University Archives Blog

UBC Buildings & Grounds

(This is another in an occasional series of introductory guides to UBC Archives’ collections and services)

Another resource for researchers maintained on the University Archives’ website is the Buildings & Grounds page.

Listed at the top is an index to UBC’s buildings, dating from 1911 to the present-day. It is presented in both chronological and alphabetical form, and includes facilities on both the Vancouver and Okanagan campuses.  Each entry (for example, that of the Chemistry Building) includes information on the building’s location, date(s) of construction, architect(s), cost, history, architectural features, and other points of interest.  Also included are the published and archival sources used to compile those facts, and which researchers are recommended to consult for further information.

Also included on the page are links to images of buildings and facilities from our digitized photograph collections; lists of campus trees and graduating class tree plantings; how persons or organizations are commemorated at UBC through the naming of buildings and facilities; links to selected campus plans; virtual displays related to campus facilities; and other sources of information on the University’s physical development.  Also of interest are two articles, originally published in professional journals and now available on-line: one on the original architectural proposals for the Point Grey campus, and the other on the neighbouring residential area of University Hill.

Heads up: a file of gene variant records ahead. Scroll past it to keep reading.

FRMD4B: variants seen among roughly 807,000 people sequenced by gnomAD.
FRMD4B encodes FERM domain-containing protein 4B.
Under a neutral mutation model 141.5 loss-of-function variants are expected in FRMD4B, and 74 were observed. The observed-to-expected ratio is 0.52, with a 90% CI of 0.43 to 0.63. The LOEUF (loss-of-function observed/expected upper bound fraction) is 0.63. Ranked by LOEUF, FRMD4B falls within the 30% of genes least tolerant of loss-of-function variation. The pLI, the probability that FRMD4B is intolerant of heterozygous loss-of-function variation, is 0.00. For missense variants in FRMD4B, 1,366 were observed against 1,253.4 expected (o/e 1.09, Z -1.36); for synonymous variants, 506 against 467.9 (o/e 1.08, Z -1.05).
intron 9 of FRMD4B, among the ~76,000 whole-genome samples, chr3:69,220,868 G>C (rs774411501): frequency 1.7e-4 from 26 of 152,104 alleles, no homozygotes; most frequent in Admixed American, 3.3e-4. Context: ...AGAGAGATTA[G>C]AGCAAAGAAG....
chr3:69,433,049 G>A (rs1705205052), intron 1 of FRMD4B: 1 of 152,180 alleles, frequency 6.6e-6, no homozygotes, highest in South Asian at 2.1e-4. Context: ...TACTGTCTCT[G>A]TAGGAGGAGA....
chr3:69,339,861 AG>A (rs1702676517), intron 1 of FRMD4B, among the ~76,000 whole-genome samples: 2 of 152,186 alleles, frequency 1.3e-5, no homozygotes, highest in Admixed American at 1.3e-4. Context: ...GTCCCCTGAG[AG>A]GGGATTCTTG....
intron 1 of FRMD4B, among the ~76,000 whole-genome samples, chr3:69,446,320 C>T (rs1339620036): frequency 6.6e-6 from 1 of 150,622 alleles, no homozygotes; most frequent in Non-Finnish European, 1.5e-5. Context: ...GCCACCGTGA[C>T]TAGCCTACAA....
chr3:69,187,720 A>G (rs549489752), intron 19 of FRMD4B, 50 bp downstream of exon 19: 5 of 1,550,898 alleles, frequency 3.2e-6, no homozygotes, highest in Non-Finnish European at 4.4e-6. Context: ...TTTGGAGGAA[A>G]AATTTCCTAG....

Anybody conducting research on the built environment of the University would do well to begin by consulting with these resources.

New Virtual Display: Mungo Martin and UBC’s Early Totem Pole Collection

As part of Aboriginal (Un)History Month at the Library, the University Archives has launched a new virtual display. Entitled “Celebrating Aboriginal Heritage Month: Mungo Martin and UBC’s Early Totem Pole Collection”, the new display uses text, historical photography, and video to commemorate the University’s links to British Columbia’s First Nations peoples. To quote from the display’s opening paragraph:

One can’t help but be struck with a sense of awe when walking amongst the magnificent and massive totem poles in the Great Hall of UBC’s Museum of Anthropology. However, the history of the University’s collection and preservation of totem poles and other large scale First Nations carvings actually predates the construction of the Museum (1976) by almost fifty years and forms a very interesting chapter in the institution’s history….

For more information about Aboriginal (Un)History Month, look for this poster around the Library during the month of June.

New: UBC Legacy Video Collection

The newest addition to UBC Library’s Digital Collections is the UBC Legacy Video Collection.

These videotaped interviews are the product of an on-going project to document the personal experiences of people affiliated with the University.  The University Legacy Committee has conducted interviews and created a repository of video recordings of personal histories. Interviewees have been asked a set of generic questions developed for their respective groups, including faculty, staff, and alumni. To date the project has completed interviews with approximately 65 current and former members of the University community, and their stories are included in this collection.

As we approach the University’s upcoming centenary we hope to add many more recordings and to carry this initiative into the future.